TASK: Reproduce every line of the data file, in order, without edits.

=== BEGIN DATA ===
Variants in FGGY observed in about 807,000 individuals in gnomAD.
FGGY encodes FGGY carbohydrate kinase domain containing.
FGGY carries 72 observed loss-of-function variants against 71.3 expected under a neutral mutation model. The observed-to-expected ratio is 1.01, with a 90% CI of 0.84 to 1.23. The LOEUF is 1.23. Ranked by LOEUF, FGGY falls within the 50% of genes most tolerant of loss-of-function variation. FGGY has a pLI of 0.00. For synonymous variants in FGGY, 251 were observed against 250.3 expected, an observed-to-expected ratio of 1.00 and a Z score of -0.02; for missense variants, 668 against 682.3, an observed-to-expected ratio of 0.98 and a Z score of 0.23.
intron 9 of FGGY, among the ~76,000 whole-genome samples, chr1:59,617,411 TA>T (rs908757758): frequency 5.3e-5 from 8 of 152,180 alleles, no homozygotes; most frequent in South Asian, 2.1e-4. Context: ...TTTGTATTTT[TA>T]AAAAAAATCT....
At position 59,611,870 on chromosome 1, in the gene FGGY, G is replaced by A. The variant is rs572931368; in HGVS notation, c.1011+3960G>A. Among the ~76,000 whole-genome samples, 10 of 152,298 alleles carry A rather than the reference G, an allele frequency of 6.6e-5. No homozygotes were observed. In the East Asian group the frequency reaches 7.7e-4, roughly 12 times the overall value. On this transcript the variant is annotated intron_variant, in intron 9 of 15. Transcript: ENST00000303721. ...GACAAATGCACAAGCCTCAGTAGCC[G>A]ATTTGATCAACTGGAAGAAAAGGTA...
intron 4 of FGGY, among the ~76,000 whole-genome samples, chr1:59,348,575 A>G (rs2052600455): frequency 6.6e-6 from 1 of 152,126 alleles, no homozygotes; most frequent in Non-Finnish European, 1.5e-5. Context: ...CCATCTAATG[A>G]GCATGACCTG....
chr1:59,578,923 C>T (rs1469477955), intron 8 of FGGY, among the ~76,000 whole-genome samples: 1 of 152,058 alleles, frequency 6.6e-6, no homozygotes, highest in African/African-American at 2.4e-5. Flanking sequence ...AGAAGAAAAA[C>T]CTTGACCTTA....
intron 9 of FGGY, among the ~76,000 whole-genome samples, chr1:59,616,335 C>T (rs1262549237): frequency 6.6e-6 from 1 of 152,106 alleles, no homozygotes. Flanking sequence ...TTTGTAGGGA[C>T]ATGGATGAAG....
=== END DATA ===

Variants in FGGY observed in about 807,000 individuals in gnomAD.
FGGY encodes FGGY carbohydrate kinase domain containing.
FGGY carries 72 observed loss-of-function variants against 71.3 expected under a neutral mutation model. The observed-to-expected ratio is 1.01, with a 90% CI of 0.84 to 1.23. The LOEUF is 1.23. Ranked by LOEUF, FGGY falls within the 50% of genes most tolerant of loss-of-function variation. FGGY has a pLI of 0.00. For synonymous variants in FGGY, 251 were observed against 250.3 expected, an observed-to-expected ratio of 1.00 and a Z score of -0.02; for missense variants, 668 against 682.3, an observed-to-expected ratio of 0.98 and a Z score of 0.23.
intron 9 of FGGY, among the ~76,000 whole-genome samples, chr1:59,617,411 TA>T (rs908757758): frequency 5.3e-5 from 8 of 152,180 alleles, no homozygotes; most frequent in South Asian, 2.1e-4. Context: ...TTTGTATTTT[TA>T]AAAAAAATCT....
At position 59,611,870 on chromosome 1, in the gene FGGY, G is replaced by A. The variant is rs572931368; in HGVS notation, c.1011+3960G>A. Among the ~76,000 whole-genome samples, 10 of 152,298 alleles carry A rather than the reference G, an allele frequency of 6.6e-5. No homozygotes were observed. In the East Asian group the frequency reaches 7.7e-4, roughly 12 times the overall value. On this transcript the variant is annotated intron_variant, in intron 9 of 15. Transcript: ENST00000303721. ...GACAAATGCACAAGCCTCAGTAGCC[G>A]ATTTGATCAACTGGAAGAAAAGGTA...
intron 4 of FGGY, among the ~76,000 whole-genome samples, chr1:59,348,575 A>G (rs2052600455): frequency 6.6e-6 from 1 of 152,126 alleles, no homozygotes; most frequent in Non-Finnish European, 1.5e-5. Context: ...CCATCTAATG[A>G]GCATGACCTG....
chr1:59,578,923 C>T (rs1469477955), intron 8 of FGGY, among the ~76,000 whole-genome samples: 1 of 152,058 alleles, frequency 6.6e-6, no homozygotes, highest in African/African-American at 2.4e-5. Flanking sequence ...AGAAGAAAAA[C>T]CTTGACCTTA....
intron 9 of FGGY, among the ~76,000 whole-genome samples, chr1:59,616,335 C>T (rs1262549237): frequency 6.6e-6 from 1 of 152,106 alleles, no homozygotes. Flanking sequence ...TTTGTAGGGA[C>T]ATGGATGAAG....